Canadian post-secondary students believe virtual learning has a negative impact

Published On February 25, 2021 | By Alleiya Tinglin- Dystant | COVID-19, News

Canadian post-secondary students believe virtual learning has affected education quality, according to a survey of Ontario Confederation of University faculty conducted.

The voluntary survey was conducted between Oct. 16 and 23, 2020, by the Ontario Confederation of University faculty polled 2,710 people, 502 students and 2,208 faculty.

The poll revealed 62 per cent of students and 76 per cent of faculty respondents felt online learning impacted the lack of interaction and engagement.

Christina Bellissimo is seen here sitting at her living room table preparing to study for a test. This is where she has spent most of her time learning virtually throughout the COVID-19 pandemic. (Courtesy Christina Bellissimo)

Christina Bellissimo, a fourth-year Human Resources Management student at Humber College’s Lakeshore campus in Toronto, said she finds it very hard to engage because she feels all alone and the collaborative environment is missing.

Tiffany Igbinosun, a second-year Advertising and Marketing student at Humber’s Lakeshore campus in Toronto, said she struggled with the disconnect between home and school being under the same roof.

The two students shared their challenges, coping mechanisms, and provide teachers with strategies for engagement amidst COVID-19.

“All of my professors read off the PowerPoint slides and rarely engage with the class; this makes it even more difficult to pay attention,” Bellissimo said.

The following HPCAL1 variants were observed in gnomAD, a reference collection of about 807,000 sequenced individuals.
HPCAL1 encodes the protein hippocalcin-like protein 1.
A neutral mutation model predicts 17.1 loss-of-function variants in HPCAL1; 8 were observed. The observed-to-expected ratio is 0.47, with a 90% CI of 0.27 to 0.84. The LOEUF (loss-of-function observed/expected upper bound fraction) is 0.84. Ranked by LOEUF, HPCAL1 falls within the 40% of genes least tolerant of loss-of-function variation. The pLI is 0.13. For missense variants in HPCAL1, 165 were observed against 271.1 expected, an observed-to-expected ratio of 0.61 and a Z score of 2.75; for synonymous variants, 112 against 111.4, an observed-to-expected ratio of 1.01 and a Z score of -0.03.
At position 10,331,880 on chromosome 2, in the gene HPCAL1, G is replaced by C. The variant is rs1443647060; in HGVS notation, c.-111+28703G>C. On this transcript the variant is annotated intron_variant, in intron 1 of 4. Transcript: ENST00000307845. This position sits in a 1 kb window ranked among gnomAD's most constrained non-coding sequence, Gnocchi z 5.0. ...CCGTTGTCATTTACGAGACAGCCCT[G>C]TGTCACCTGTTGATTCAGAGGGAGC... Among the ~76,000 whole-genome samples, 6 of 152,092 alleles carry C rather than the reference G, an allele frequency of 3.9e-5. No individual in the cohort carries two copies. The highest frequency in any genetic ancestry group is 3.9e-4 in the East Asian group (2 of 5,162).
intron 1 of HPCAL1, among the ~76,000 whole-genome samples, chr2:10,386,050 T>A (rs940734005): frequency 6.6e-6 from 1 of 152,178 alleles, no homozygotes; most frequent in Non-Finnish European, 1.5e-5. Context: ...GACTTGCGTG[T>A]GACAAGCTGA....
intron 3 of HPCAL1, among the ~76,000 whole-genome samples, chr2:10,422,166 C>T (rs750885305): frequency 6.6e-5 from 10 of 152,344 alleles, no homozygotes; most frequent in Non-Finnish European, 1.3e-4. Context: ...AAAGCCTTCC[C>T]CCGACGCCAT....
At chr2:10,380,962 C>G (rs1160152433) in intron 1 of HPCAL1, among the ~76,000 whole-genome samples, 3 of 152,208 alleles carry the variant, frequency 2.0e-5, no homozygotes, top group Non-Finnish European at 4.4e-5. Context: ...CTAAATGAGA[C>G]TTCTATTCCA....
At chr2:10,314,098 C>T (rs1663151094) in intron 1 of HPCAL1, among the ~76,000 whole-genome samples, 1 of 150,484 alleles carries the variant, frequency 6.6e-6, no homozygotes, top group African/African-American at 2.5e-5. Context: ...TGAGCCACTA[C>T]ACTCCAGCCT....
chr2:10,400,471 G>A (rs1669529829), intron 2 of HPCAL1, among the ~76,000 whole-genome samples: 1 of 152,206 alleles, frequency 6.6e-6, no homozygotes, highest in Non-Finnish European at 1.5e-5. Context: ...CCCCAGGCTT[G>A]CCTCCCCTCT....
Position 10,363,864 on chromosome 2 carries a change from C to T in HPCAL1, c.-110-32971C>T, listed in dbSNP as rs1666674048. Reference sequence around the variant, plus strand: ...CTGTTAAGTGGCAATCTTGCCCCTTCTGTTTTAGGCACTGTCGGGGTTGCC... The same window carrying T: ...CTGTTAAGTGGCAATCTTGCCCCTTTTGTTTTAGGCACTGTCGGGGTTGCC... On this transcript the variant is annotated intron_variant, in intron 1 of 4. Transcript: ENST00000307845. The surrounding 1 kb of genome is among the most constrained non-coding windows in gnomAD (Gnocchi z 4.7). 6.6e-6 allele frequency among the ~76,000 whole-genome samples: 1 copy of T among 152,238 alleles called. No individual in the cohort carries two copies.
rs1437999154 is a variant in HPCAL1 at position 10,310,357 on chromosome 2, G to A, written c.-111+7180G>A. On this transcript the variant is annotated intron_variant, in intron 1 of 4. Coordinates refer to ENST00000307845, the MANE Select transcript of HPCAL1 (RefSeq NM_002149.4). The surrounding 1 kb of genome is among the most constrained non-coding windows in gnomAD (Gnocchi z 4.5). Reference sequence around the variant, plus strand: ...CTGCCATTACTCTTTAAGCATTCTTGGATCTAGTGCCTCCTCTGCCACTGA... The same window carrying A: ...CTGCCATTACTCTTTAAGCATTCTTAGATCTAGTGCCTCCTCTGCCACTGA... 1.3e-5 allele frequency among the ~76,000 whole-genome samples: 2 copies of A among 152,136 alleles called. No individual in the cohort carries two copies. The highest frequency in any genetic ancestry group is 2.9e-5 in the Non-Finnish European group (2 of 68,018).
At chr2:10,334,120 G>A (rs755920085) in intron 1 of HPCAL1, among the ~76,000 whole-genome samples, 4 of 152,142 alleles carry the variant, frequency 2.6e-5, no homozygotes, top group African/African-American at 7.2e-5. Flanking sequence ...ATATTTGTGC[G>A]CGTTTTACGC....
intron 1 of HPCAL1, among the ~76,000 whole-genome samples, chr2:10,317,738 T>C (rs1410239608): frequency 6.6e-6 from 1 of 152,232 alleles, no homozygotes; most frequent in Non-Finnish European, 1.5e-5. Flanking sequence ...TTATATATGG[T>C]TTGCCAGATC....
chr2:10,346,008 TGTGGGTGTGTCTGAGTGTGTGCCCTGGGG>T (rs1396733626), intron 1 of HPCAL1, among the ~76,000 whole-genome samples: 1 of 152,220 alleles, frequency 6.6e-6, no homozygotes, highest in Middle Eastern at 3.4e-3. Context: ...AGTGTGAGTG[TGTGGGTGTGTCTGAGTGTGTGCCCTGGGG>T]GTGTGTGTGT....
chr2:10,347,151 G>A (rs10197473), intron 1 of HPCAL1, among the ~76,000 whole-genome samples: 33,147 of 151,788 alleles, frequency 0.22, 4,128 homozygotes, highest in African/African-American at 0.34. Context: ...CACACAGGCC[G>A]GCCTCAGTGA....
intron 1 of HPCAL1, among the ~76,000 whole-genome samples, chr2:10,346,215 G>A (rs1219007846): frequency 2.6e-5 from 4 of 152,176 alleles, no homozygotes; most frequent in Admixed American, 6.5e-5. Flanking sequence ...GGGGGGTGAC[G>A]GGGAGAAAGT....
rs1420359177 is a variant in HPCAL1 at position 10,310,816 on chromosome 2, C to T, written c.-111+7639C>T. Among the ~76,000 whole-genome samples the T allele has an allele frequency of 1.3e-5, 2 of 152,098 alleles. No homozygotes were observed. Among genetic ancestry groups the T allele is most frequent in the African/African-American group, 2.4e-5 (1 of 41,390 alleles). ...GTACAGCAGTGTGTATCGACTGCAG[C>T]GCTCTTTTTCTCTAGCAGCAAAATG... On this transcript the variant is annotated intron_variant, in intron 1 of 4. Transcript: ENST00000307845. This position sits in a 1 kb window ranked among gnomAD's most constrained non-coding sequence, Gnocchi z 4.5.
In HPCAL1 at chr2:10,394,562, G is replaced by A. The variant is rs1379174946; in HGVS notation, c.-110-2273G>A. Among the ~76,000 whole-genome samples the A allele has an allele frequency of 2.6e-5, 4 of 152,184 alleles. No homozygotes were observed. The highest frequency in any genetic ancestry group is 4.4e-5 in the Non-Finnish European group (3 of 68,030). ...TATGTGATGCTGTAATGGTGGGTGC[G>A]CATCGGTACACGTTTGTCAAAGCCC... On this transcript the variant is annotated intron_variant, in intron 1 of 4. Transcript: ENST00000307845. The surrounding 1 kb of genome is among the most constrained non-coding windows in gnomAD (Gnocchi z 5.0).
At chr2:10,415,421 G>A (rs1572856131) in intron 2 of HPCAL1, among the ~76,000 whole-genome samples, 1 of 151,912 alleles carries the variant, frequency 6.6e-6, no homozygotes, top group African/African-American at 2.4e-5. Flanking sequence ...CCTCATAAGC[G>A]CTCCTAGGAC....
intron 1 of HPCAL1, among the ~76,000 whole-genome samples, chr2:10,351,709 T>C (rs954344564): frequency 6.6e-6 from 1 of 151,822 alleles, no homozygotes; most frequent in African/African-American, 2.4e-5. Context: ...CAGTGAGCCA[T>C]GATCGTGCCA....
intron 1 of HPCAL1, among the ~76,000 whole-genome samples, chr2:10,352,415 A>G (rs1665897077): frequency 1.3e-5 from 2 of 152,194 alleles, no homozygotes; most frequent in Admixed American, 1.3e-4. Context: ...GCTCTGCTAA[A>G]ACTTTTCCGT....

The challenges of virtual learning made her think of ways to help cope with the lack of engagement which included changing her learning environment, taking breaks, and regrouping.

“When I am feeling unmotivated, I usually walk around and play with my dog, this helps me to regroup and feel motivated to do work,” she said.

Bellissimo decided to take action and express her concern about the lack of engagement to teachers and suggested ways to engage the class with the use of technology.

One of the teachers followed her suggestion and started to use learning programs, such as Kahoot, an online learning game, for about 10 minutes at the beginning of each class to test knowledge and engage the class, she said.

“It would be great if more teachers could try and engage by taking some time to ask us to write accomplishments we are proud of within the week, it makes us feel like teachers care about what is going on in our lives,” Bellissimo said.

“The collaborative and social aspects of learning are missing,” she said.

Other students say they’re frustrated with virtual learning and a lack of engagement.

“I realized my mindset shifted when I accepted our current reality and started making the most of my time,” Igbinosun said.

“The use of checklists helped her use her time effectively by writing down a list of tasks and checking them off when completed,” she said.

The types of classes she felt engaged her the most were ones that involved the use of breakout rooms, a feature on the Zoom platform that allows for smaller discussion groups outside of the main discussion.

“I believe that providing a combination of text and practicing in a group setting helps share opinions, and we can learn from one another, although some people are not fans of breakout rooms and may not feel comfortable participating,” Igbinosun said.

Overall, the challenge has not just been adapting to an online learning environment but also to a new way of life, she said.

“Work, school, and home life has become blurred due to the pandemic, and students are unable to physically go out and socialize; not having the separation between the three is frustrating,” she said.

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